The first time I saw a rythmo band crawl across the top of a cartoon with words matched in time to the little animated mouth flaps, I was mesmerized, and a little scared. The script scrawled in a racing cursive with weird curlicues and indecipherable symbols which flowed past a black bar on the left. An actor stood at a wooden bar, gesticulating wildly, spewing out words in a kooky voice in perfect time to the running script and to the action on screen. It was challenging. It was technical. It was creative. And I was hooked, I wanted in.
Dubbing. A form of voice acting not for the faint of heart, dubbing, or versioning, is a whole different world of voice over. So what is it? A simple definition of dubbing is the process of adding new dialogue or other sounds to the soundtrack of a motion picture or animation that has already been shot. It requires an actor to “follow the flap” (watch the mouth movements of the animated or live-action character) and provide the dialogue such that it matches the rhythm and cadence and mouth movements of the character speaking – no small feat for dubbing in the original language and even more difficult when dealing with translated dialogue!
A Very Brief History of Dubbing and Its Uses
A brief jaunt down history lane tells us that dubbing is generally considered to have been created in the 1930s in New York when an enterprising Georgian-born filmmaker named Rouben Mamoulian wanted to add audio effects to his film Applause, one of the early “sound films”. Mamoulian experimented with editing all the sound on two interlocked 35mm tracks and thus beginning the standard film tracklaying/dubbing practice. Later, to achieve ‘unreal’ sounds in his 1931 film Dr. Jekyll & Mr. Hyde, he experimented with a number of photographic techniques creating ‘sound’ directly onto the optical negative.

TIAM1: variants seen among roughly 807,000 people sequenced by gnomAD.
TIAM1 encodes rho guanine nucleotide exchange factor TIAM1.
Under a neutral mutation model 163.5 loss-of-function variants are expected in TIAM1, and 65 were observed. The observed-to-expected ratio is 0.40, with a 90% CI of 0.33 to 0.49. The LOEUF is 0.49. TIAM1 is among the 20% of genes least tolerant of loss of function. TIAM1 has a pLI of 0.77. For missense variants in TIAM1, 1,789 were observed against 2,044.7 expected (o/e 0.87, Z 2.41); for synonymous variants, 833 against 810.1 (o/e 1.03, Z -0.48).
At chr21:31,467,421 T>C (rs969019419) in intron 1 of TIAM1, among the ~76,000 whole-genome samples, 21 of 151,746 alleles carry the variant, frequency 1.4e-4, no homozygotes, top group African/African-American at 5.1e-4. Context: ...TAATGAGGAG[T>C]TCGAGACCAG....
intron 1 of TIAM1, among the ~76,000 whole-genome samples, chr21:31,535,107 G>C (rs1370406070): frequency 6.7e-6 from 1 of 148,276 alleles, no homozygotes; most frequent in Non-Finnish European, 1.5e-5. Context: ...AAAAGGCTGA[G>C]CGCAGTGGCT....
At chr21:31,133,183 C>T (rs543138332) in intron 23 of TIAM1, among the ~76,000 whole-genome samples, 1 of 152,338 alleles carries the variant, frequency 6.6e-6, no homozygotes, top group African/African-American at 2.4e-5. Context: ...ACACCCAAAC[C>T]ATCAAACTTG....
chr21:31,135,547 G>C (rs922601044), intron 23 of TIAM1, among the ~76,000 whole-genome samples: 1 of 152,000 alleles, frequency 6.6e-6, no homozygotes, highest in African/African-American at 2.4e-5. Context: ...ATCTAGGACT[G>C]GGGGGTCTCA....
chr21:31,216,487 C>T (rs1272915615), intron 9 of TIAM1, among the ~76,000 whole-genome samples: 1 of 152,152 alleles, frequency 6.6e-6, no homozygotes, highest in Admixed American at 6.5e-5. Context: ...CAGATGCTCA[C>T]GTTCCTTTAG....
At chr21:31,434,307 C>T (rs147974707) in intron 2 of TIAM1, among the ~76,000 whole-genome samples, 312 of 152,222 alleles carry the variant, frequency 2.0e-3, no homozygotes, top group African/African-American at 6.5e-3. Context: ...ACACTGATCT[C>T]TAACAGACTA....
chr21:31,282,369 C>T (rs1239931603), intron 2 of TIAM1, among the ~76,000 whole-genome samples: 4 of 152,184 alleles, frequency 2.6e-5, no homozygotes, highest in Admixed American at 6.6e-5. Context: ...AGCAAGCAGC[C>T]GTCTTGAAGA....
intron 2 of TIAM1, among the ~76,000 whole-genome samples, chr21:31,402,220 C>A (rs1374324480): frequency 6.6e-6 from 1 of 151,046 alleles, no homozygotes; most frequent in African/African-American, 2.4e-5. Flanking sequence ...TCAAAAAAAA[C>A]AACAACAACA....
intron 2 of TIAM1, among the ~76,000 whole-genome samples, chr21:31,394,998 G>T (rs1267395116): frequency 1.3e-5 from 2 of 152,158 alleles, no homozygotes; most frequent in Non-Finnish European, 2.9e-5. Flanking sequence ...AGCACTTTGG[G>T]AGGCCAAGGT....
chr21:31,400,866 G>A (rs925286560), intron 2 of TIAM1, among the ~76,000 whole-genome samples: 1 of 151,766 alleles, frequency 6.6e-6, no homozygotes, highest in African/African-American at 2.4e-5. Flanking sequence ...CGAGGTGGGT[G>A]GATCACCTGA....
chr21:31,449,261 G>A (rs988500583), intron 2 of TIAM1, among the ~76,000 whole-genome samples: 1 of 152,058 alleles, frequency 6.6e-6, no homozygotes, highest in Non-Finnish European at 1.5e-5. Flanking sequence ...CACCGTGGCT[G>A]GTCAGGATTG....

This synchronization was extremely limited by the number of tracks that could be used and it is remarkable the achievement of those early sound films in dubbing additional audio. Essentially what today can be accomplished with a powerful laptop, a Source Connect session, and an adept sound engineer wasn’t as easy in the 30s.
Voice Dubbing For Live-Action Film (and now streaming)
Less expensive and troublesome than synchronized filming (voice and picture recorded together), voice dubbing for live-action film today is employed in the original-language version of a soundtrack for many reasons. Defects that arise from synchronized filming can be remedied, dialogue that is unclear, muffled, overwhelmed by ambient sounds or lack of concealable microphones can be dubbed to overlay high-quality audio, regardless of the conditions while shooting.
It is also used to replace a voice with another – as in the case with foreign language films being dubbed into other languages, or when poor singers are dubbed with a more pleasing voice. New York Dub, a production house that specializes in dubbing has a pretty good montage of samples of live-action dubbing.
The key takeaway for the voice actor when dubbing live-action film is that it relies heavily on the ACTING part of voice acting. Time is of the essence – not only for sync but also for production costs. So the actor needs to be able to dial into the character, understand the choices the original actor made and match the emotion, intensity, and intent while paying attention to the art of obeying the technical rules of being in sync while also conveying the dialogue in a convincing manner consistent with what is on screen. And they need to do it on the first (or second) take. Again, not for the faint of heart.